The decision that we made was that we watch him go through the process of losing the apartment, and see him on the street for the first time. He's a damaged guy, he's been in a fight or something when we first see him. I don't think he remembers what happened. He got fucked up on drugs or drink, he got into a fight. He doesn't even know what day it is. He's disoriented, but we fit him in immediately: Yeah, he's a drunk. I like presenting that. We fill in stories about people constantly, based on very little information. We think, oh, I know that guy.
I could feel that viscerally when I was playing this guy on the street. How New York was reacting to me on very little information, mostly visual information. I didn't go to any huge extremes physically with this guy. He has kind of a shitty haircut and a couple days' growth of beard. The clothes were certainly not upper-class clothes, but it wasn't like you'd think this is a smelly, horrible guy. It wasn't like that, but even with those minimal cues -- holding a plastic bag -- I could see people from two blocks away make a decision. Whether they were conscious of it or not, they were like: I know that guy. And they filled in all the other things that one needs to know to have a reaction. They decided, OK, this guy's gonna be asking me for money, and I don't really want to give him any money. In fact I don't want to make any contact with him, but I feel guilty about that. Maybe he really needs something, but why should he make me feel guilty? So fuck him. Fuck him. Why should I give him my money?
As soon as I relaxed and got comfortable, I could see it. The very first time we did it is actually in the film. We were out in Astor Place, and that was the first test to see if this would even work with me out in the streets. I could see people go through these reactions and it was so dissociative. It had nothing to do with me, it was all visual cues. And the context being so bizarre, it wouldn't occur to anyone, "Oh, that's Richard Gere," because the context is all wrong. We know things by context.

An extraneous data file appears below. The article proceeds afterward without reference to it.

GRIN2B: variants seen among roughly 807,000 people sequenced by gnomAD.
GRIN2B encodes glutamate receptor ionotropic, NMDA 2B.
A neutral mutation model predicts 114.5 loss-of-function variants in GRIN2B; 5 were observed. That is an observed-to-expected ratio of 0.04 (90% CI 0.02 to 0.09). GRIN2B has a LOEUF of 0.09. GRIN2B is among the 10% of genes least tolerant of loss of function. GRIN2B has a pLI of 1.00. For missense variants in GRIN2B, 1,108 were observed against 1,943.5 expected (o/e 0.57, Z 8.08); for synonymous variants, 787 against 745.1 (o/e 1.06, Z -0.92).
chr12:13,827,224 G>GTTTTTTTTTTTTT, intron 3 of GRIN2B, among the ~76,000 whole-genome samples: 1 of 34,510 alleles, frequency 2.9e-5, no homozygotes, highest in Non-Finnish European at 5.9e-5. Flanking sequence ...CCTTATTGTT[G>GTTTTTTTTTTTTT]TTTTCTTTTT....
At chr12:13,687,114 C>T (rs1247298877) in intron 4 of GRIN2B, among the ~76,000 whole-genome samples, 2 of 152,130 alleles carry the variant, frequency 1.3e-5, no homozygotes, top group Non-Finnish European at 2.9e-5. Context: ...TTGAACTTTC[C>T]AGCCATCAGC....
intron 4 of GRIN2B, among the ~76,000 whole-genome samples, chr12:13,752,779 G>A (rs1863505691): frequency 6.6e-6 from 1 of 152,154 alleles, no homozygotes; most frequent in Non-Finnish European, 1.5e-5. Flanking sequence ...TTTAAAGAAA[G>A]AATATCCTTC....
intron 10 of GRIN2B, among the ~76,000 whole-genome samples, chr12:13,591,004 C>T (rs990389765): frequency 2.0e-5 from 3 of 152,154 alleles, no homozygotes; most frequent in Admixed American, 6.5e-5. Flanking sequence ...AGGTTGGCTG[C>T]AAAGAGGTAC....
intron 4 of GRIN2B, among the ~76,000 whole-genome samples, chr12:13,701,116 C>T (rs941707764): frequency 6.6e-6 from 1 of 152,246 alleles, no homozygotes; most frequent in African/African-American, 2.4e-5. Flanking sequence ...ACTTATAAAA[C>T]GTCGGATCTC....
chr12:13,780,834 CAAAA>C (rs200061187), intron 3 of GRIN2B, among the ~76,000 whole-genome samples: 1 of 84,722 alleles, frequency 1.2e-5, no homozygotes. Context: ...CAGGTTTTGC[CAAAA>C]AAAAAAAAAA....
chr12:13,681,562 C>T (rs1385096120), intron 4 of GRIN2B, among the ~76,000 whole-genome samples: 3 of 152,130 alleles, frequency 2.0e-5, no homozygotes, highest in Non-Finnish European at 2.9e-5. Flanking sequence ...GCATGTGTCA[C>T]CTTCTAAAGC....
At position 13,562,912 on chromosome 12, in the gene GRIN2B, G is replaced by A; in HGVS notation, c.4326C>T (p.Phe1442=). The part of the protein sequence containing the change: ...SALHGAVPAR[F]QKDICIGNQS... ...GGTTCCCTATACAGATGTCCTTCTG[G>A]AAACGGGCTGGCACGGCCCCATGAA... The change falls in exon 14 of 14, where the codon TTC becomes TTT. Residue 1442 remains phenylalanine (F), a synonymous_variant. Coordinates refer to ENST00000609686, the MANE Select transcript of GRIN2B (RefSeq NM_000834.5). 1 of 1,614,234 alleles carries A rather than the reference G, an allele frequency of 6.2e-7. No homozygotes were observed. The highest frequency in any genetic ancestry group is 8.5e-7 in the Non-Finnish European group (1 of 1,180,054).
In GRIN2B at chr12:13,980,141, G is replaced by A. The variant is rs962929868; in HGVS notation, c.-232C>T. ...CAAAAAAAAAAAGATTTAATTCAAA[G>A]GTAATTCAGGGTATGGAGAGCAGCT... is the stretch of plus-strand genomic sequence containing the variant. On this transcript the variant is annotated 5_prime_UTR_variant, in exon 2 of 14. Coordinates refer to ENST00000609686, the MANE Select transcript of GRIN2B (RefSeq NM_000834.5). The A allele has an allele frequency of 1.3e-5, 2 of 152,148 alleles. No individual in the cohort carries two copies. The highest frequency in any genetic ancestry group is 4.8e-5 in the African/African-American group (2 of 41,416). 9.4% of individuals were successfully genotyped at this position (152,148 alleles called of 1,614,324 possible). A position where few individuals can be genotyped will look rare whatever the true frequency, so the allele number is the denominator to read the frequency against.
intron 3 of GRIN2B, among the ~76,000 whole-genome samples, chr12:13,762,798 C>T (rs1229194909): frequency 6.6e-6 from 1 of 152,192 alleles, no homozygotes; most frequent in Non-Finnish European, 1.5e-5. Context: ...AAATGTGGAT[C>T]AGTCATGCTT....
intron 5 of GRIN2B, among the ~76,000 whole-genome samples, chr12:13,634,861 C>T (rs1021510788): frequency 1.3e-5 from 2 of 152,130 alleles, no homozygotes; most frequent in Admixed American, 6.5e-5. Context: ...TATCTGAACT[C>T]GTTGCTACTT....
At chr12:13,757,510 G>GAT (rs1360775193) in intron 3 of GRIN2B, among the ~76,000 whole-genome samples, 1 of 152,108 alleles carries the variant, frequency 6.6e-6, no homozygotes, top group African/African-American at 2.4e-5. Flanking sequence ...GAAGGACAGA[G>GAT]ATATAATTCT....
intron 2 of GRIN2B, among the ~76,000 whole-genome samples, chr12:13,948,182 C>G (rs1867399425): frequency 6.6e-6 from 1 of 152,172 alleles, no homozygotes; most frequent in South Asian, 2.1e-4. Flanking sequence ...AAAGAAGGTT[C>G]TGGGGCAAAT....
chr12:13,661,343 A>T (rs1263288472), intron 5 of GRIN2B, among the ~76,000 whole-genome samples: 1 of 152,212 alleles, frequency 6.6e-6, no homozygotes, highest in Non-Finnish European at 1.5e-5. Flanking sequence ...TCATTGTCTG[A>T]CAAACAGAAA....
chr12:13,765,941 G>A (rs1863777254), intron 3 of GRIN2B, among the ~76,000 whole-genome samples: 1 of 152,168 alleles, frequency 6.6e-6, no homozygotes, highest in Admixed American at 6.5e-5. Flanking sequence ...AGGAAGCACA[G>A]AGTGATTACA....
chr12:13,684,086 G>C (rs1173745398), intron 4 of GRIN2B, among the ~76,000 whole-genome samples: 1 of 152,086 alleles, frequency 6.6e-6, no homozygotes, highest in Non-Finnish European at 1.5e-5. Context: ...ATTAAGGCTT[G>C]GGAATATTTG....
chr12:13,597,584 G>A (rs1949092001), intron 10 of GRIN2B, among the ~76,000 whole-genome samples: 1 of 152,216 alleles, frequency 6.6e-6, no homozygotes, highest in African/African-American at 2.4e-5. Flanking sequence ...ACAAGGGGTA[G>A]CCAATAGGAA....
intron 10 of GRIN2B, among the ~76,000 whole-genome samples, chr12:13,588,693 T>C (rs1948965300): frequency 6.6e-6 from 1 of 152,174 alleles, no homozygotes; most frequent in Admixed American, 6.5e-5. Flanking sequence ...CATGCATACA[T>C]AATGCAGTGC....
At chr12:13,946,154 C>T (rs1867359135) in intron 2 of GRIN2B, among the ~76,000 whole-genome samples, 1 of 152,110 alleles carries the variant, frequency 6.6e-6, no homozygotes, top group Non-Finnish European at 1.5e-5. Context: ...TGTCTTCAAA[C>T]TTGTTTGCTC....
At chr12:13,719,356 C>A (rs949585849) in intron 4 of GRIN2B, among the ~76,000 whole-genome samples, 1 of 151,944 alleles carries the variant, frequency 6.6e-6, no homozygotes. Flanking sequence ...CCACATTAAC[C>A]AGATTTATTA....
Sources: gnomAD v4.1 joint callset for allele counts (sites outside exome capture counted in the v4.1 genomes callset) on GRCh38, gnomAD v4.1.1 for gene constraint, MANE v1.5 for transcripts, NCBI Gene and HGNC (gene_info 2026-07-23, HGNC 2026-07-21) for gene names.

Is it literally true that no one recognized you on the street while you were doing this? That didn't happen once?
No way. Not on the street. I had two people in Grand Central Station recognize me, within about two hours. A man and a woman, they were both African-American. They walked by me and were like, "Hey, Rich." I think the feeling was like: Oh, tough times! He hasn't made a movie in a while. [Laughter.] From a black perspective, maybe it's like, well, you're up and then you’re down.
Well, you play with the Richard Gere image here, in a big way. You have had this image over the years, for better or for worse, and you have so often played the good-looking guy with great clothes and a perfect haircut. You have often played a man who is very attractive to women. George still thinks he is that guy.
He still wants to be that guy, yeah.
And he is grievously mistaken. That scene where he tries to come on to the nurse in the E.R. at Bellevue who has taken an interest in him and is trying to help him? That is just heartbreaking.
That's one of my favorite scenes. It's like a little one-act play, it's so dense. George is thinking, well, it's worked before. "Women have always been very kind to me," he says to her. I'm not a bad guy to live with, I have good habits. He's, like, giving his résumé to her! But it's genuine. He's at the end of his tether and that stuff doesn't work anymore.